If you are a Google Chrome user, there is good news for you. Your web browser is about to get faster and better than ever, all thanks to a new data compression algorithm that Google is planning to roll out soon.
Google employee Ilya Grigorik took to Google+ to describe the advent of Brotli compression algorithm.
This new algorithm will replace the existing one, which is called Zopfli. Brotli was announced last year in September, and according to Google’s internal benchmarks, it works faster than all existing data compression algorithms, and can compress data by 17-25% extra, as compared to Zopfli. Furthermore, its compression ratio is almost 25% better than all other data compression algorithms. (Source, PDF)
Owing to better compression ratio, Brotli can speed up the performance of web browsers, and can also save the battery of your device by consuming less memory.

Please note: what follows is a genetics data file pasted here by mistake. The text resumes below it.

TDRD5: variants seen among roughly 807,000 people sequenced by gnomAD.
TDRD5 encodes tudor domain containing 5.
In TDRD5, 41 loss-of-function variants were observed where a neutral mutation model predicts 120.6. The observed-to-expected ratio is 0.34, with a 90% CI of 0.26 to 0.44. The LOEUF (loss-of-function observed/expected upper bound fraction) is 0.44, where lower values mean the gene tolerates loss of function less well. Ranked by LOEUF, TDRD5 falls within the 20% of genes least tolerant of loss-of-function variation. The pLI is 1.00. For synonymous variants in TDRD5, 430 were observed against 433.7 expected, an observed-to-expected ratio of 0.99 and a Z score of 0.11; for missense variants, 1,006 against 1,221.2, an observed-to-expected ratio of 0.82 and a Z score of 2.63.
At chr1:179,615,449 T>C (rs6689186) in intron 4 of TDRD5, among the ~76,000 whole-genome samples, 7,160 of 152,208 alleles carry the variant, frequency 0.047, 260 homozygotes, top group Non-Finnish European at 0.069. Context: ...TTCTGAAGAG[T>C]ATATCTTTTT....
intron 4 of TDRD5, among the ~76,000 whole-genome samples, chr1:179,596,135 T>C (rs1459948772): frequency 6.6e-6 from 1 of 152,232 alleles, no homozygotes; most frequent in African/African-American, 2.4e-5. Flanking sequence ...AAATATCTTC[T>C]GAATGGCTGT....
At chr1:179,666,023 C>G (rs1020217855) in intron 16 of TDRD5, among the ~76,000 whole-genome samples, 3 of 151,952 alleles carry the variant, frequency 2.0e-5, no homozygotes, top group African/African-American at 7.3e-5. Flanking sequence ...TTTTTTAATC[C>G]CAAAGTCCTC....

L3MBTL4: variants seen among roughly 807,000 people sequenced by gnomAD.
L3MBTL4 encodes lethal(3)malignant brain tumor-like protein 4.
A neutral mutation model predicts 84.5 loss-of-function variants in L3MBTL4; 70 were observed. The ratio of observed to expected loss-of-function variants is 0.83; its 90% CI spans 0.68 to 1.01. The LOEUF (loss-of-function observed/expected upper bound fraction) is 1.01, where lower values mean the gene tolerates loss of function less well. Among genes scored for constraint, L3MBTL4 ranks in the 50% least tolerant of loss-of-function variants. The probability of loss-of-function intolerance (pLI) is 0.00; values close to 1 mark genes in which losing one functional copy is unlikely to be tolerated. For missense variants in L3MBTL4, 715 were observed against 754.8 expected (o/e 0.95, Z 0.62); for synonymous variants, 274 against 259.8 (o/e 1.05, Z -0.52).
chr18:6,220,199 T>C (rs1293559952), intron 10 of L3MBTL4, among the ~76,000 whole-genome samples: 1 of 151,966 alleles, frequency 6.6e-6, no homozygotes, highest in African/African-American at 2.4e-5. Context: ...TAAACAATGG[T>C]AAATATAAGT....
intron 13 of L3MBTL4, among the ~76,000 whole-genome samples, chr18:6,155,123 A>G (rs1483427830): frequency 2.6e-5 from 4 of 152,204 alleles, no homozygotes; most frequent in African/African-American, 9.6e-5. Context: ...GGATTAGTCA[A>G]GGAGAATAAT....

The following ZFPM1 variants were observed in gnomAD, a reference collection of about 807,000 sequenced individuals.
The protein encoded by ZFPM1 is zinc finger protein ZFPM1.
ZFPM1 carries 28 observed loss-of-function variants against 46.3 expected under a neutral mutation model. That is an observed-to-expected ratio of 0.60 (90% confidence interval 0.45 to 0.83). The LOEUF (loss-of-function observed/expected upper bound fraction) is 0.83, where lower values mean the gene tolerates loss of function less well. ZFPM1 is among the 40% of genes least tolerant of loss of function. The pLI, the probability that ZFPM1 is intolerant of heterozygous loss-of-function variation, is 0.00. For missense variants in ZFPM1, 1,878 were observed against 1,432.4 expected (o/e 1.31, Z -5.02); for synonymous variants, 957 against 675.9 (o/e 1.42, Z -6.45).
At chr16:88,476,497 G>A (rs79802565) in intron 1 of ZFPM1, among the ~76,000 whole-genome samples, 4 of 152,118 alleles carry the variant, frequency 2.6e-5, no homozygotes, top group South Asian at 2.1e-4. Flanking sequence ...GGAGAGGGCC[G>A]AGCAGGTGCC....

Google has plans of rolling out Brotli for Google Chrome. However, Google also wishes that other web browsers, in general, will adopt Brotli as a standard data compression algorithm. Brotli is fully open source, and you can check out the code on GitHub.
Existing Chrome users can expect to see Brotli in action pretty soon.
Are you a Google Chrome user? Excited about the advent of Brotli? Share your views in the comments below.
Will it do that by eating up even more RAM? 🙂
Seems to me like it’s been on a mission to make everything but Chrome slower and slower.
Instead, Big G should have concentrated on reducing memory consumption of tabs. Will the cost of this speed increase be even more RAM usage by Chrome?
They can’t expect people to keep throwing more RAM at it, just to run any other software simultaneously with Chrome.